The Emerging Crisis in Lebanon

By / 1.13.2011

While the nation’s attention focuses on Tucson, a crisis emerges in Lebanon. Hezbollah, a member of the Lebanese governing coalition since a deal brokered in 2008 by President Michel Suleiman— has pulled out of the government coalition.  The move is in anticipation of the results of the UN-backed inquiry into the death of former Prime Minister Rafik Hariri, which is expected to find Hezbollah members implicated in his murder. This is the first time a Lebanese coalition government has collapsed under pressure from resignations, a dangerous first in a country that was wracked by a brutal civil war in the 1980s. The ethnic-religious balance of power is precarious in Beirut, with Hezbollah representing the Shi’ite Muslims from the South.

All of this shows the problem with the Bush administration’s reckless democracy promotion in 2005 and 2006. The administration was quick to hold up the rallies in the wake of Hariri’s murder as the best example of the new post-Iraq Middle East, a future filled with democratic pluralism and rule of law. Lebanon “can serve as a great example (to other countries) of what is possible in the Middle East,” President Bush said.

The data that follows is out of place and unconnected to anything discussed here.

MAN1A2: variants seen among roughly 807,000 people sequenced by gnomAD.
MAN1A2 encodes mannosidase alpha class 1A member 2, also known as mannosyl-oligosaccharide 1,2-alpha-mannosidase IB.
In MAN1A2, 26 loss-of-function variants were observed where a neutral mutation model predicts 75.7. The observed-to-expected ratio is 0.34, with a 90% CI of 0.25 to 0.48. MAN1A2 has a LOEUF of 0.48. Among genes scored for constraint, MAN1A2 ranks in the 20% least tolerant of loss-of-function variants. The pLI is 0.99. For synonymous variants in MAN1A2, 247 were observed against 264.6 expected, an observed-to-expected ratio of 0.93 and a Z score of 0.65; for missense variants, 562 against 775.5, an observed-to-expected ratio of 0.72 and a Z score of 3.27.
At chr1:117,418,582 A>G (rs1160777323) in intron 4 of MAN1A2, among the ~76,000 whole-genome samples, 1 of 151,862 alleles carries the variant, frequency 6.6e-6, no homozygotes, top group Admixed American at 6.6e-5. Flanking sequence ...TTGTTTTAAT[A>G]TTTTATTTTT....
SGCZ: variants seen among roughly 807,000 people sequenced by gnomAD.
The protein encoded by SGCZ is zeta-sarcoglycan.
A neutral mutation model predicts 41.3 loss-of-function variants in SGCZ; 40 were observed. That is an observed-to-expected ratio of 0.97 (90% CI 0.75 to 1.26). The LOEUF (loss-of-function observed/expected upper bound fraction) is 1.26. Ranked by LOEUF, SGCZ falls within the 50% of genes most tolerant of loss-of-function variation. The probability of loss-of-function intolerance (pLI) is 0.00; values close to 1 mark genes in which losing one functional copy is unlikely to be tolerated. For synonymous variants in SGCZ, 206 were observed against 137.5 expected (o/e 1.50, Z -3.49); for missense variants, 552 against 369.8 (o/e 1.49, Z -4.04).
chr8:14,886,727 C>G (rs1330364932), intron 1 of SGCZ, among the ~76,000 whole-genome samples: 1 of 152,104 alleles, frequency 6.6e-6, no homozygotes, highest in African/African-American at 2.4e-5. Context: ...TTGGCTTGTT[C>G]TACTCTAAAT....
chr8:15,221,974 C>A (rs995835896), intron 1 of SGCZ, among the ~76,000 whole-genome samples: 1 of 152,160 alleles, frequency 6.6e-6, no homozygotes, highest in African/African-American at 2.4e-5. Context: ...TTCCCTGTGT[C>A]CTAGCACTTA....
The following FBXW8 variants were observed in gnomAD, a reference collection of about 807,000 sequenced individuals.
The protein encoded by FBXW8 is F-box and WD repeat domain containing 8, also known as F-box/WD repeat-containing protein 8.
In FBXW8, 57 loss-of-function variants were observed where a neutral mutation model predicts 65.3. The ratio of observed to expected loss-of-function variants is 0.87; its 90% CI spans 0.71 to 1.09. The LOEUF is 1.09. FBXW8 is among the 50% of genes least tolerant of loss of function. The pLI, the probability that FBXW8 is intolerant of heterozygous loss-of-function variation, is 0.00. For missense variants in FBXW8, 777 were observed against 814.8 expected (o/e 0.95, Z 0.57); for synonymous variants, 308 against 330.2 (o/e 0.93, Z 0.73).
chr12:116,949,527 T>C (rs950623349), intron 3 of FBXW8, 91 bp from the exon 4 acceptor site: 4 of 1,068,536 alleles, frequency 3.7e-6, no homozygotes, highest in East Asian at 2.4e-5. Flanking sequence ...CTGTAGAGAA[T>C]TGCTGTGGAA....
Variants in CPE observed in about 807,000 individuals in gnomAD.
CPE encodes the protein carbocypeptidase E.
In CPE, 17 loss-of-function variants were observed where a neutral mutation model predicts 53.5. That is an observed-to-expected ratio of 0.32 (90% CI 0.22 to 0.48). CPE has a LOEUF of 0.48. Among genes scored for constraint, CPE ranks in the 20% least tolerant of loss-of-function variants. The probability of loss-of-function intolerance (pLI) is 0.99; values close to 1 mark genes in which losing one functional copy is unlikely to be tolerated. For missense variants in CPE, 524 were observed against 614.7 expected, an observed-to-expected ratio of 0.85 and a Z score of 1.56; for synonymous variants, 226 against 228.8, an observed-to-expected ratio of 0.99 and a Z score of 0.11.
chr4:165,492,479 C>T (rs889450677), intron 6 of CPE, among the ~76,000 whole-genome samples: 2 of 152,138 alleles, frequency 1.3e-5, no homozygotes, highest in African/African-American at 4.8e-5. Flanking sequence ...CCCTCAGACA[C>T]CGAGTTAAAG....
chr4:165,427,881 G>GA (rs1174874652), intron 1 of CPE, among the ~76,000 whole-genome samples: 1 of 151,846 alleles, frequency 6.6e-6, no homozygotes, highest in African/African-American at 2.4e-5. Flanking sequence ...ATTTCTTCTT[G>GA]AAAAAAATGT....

But there was no follow-up, no larger strategy beyond supporting the UN tribunal.

The administration never had a plan for how to make Hezbollah disappear, save for giving Israel time to crush it in the 2006 war. The reality is that Hezbollah has a strong base in parts of the country, making the terrorist group-cum-political party impossible to excise without upending the country’s fragile balance.

Which is why promoting democracy from afar is so difficult. Local actors can always undermine the master plans of outside powers, and people living in any given country often have as much to fear from instability as they do from illiberalism. The Lebanese people seem to want justice. But not at the cost of further bloodshed.

The Obama administration is continuing on this risky path. Secretary Clinton accused Hezbollah of trying to wreck the UN probe by resigning from the government. She is surely correct, but the Iranian-sponsored group is not going to simply back down. And so there is a stand-off of sorts, with the U.S. and its allies on one side, Hezbollah and Iran on the other, and the majority of Lebanese people in the middle.

The worst outcome of all for the U.S. would be more violence. The best bet is to continue with the Syrian-Saudi attempts at mediation, which hopefully can find some solution that allows both sides to save face while preserving stability.